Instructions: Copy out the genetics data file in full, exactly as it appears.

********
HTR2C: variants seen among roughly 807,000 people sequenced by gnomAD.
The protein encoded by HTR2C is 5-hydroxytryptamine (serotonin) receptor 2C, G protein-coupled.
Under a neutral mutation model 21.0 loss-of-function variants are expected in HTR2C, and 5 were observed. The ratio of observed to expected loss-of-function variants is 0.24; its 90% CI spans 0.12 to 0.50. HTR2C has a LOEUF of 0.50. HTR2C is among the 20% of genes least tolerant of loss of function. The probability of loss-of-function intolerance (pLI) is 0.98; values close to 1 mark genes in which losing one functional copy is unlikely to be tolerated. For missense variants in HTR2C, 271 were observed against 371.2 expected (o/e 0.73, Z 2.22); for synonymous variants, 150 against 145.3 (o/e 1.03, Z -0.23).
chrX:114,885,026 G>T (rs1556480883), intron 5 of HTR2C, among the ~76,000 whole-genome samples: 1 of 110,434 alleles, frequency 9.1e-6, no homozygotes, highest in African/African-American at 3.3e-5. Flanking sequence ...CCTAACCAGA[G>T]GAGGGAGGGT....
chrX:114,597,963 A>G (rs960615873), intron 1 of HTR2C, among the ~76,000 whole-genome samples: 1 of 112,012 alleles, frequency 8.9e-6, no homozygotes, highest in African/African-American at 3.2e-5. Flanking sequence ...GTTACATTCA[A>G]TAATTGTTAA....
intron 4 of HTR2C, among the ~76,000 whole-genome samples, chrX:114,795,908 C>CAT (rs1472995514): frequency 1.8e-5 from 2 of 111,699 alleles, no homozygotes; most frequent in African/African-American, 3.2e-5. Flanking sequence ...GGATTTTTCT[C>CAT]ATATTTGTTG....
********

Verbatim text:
HTR2C: variants seen among roughly 807,000 people sequenced by gnomAD.
The protein encoded by HTR2C is 5-hydroxytryptamine (serotonin) receptor 2C, G protein-coupled.
Under a neutral mutation model 21.0 loss-of-function variants are expected in HTR2C, and 5 were observed. The ratio of observed to expected loss-of-function variants is 0.24; its 90% CI spans 0.12 to 0.50. HTR2C has a LOEUF of 0.50. HTR2C is among the 20% of genes least tolerant of loss of function. The probability of loss-of-function intolerance (pLI) is 0.98; values close to 1 mark genes in which losing one functional copy is unlikely to be tolerated. For missense variants in HTR2C, 271 were observed against 371.2 expected (o/e 0.73, Z 2.22); for synonymous variants, 150 against 145.3 (o/e 1.03, Z -0.23).
chrX:114,885,026 G>T (rs1556480883), intron 5 of HTR2C, among the ~76,000 whole-genome samples: 1 of 110,434 alleles, frequency 9.1e-6, no homozygotes, highest in African/African-American at 3.3e-5. Flanking sequence ...CCTAACCAGA[G>T]GAGGGAGGGT....
chrX:114,597,963 A>G (rs960615873), intron 1 of HTR2C, among the ~76,000 whole-genome samples: 1 of 112,012 alleles, frequency 8.9e-6, no homozygotes, highest in African/African-American at 3.2e-5. Flanking sequence ...GTTACATTCA[A>G]TAATTGTTAA....
intron 4 of HTR2C, among the ~76,000 whole-genome samples, chrX:114,795,908 C>CAT (rs1472995514): frequency 1.8e-5 from 2 of 111,699 alleles, no homozygotes; most frequent in African/African-American, 3.2e-5. Flanking sequence ...GGATTTTTCT[C>CAT]ATATTTGTTG....